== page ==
How to make the lightning port of iPhone output 5V power?

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How to make the lightning port of iPhone output 5V power?

Just like the android phone, if I connect the ID pin to the ground then the phone will work as a USB host, after that it will output 5V power(the so-called OTG).


I don't know why some people cast opposing votes to this the question.

And I think this a quite normal question that many people can face. Perhaps you should check this product: Sandisk iXpad https://www.sandisk.com/ixpandflashdrive2 enter image description here I just confuse how these devices can output power by the lightning port.


closed as unclear what you're asking by Andy aka, winny, brhans, Brian Carlton, Dmitry Grigoryev Jun 1 '18 at 11:51

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  • \$\begingroup\$ iPhones have a port for connecting lights? Wow! What will Apple think of next ?? \$\endgroup\$ – brhans May 31 '18 at 11:40
  • \$\begingroup\$ Why is iPhone different? The OTG function is very useful. unless iPhone does not support the USB protocol .. \$\endgroup\$ – lukeluck Jun 1 '18 at 1:13

Your question is vastly answered by: https://apple.stackexchange.com/questions/119707/how-much-power-can-be-drawn-from-the-lightning-connector-by-a-external-device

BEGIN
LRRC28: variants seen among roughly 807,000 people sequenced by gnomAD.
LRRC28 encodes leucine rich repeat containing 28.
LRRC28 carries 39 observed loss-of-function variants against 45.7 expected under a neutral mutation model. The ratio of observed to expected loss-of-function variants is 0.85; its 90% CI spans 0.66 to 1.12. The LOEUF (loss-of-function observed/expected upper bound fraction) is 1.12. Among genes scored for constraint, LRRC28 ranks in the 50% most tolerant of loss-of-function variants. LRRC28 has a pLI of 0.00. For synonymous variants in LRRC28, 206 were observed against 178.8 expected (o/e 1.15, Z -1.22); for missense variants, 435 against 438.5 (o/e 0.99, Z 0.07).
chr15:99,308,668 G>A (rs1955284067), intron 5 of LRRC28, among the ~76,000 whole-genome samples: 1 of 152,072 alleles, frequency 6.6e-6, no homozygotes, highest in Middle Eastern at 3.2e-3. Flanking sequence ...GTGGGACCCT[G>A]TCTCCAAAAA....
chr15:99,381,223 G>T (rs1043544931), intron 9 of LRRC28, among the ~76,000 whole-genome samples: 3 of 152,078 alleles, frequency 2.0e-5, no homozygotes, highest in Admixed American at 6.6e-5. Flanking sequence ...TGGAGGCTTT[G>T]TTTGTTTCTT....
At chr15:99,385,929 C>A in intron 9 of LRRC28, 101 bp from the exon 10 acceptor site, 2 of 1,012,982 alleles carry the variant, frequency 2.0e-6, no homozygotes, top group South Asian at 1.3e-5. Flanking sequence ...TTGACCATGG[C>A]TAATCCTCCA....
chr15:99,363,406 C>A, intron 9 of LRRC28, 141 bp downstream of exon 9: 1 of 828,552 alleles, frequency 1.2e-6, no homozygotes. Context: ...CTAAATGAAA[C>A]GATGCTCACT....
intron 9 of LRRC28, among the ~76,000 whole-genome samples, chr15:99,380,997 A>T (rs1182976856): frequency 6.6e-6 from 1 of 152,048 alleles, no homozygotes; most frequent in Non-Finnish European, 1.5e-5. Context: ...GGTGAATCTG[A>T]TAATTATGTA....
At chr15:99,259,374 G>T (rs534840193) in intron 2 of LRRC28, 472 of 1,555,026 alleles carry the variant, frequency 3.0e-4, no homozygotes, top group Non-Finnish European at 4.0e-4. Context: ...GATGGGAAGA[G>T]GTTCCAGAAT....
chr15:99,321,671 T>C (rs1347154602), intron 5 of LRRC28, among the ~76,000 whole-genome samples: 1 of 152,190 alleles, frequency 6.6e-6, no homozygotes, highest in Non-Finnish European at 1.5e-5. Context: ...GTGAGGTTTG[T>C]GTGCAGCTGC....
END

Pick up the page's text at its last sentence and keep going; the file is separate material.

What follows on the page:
Since Apple doesn't publicly commit to power levels or even pin compatibility on the lightning connector, anyone interested in learning how hardware should be designed to work with Apple's dock connectors could choose to join the MFI program:

https://developer.apple.com/programs/mfi/ As a developer, Apple will provide you with detailed hardware requirements, schematics and even technical support. I haven't seen anyone take a current meter and volt meter to the devices and post publicly, but wanted to make you aware of one official avenue to get this sort of information across all of Apple's iOS product line wether they use the 30 pin dock connector, the lightning dock connector or some of the other specific iPod connectors.

quoting: Additionally, the pin out for lightning connectors requires an authentication chip according to wikipedia, so getting power out of a lightning device involves software authentication before power will flow.

The article describing 8 pins that are active, indicates that when power flows into the phone (the opposite of your use), pins 1 and 5 are ground and power respectively. However, until your cable identifies itself to iOS, no power will be provided.

  • \$\begingroup\$ then I can see that it's very difficult to design such a device because of the limitation of Apple company. \$\endgroup\$ – lukeluck Jun 4 '18 at 3:49

Since Apple even communicates with USB Chargers, I would say you may need a Thunderbolt Controller.

Mouser link

  • \$\begingroup\$ my question is how can the iPhone lightning port output power to supply the other devices like the Sandisk iXpand. connected to a charge adopter is another thing. \$\endgroup\$ – lukeluck Jun 1 '18 at 2:00
  • \$\begingroup\$ Yea, it will output the Power after it recognized the Device, connecting the Identification to the Ground maybe wont work for Apple Devices \$\endgroup\$ – Playa Jun 1 '18 at 4:07
  • \$\begingroup\$ that's my question, how to recognize the device and after that step, how to output the power?@Playa \$\endgroup\$ – lukeluck Jun 1 '18 at 9:15
  • \$\begingroup\$ "it will output the Power after it recognized the Device" - you can't recognize any device unless you provide the power first. \$\endgroup\$ – Ale..chenski Jun 1 '18 at 17:22

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